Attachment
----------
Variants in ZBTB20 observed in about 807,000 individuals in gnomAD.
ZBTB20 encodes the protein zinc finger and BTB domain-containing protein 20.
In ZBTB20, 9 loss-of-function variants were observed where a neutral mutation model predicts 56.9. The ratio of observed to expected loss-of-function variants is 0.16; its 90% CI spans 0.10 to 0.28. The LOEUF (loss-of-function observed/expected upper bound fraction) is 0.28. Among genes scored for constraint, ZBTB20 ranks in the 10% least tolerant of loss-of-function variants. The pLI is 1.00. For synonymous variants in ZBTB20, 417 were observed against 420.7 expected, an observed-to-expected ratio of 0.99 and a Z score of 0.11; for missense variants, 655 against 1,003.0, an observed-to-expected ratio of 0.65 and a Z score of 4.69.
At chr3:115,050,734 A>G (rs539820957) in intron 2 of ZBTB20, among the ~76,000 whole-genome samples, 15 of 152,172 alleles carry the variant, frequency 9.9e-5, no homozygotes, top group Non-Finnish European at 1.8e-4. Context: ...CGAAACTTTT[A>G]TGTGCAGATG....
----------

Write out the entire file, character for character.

Variants in ZBTB20 observed in about 807,000 individuals in gnomAD.
ZBTB20 encodes the protein zinc finger and BTB domain-containing protein 20.
In ZBTB20, 9 loss-of-function variants were observed where a neutral mutation model predicts 56.9. The ratio of observed to expected loss-of-function variants is 0.16; its 90% CI spans 0.10 to 0.28. The LOEUF (loss-of-function observed/expected upper bound fraction) is 0.28. Among genes scored for constraint, ZBTB20 ranks in the 10% least tolerant of loss-of-function variants. The pLI is 1.00. For synonymous variants in ZBTB20, 417 were observed against 420.7 expected, an observed-to-expected ratio of 0.99 and a Z score of 0.11; for missense variants, 655 against 1,003.0, an observed-to-expected ratio of 0.65 and a Z score of 4.69.
At chr3:115,050,734 A>G (rs539820957) in intron 2 of ZBTB20, among the ~76,000 whole-genome samples, 15 of 152,172 alleles carry the variant, frequency 9.9e-5, no homozygotes, top group Non-Finnish European at 1.8e-4. Context: ...CGAAACTTTT[A>G]TGTGCAGATG....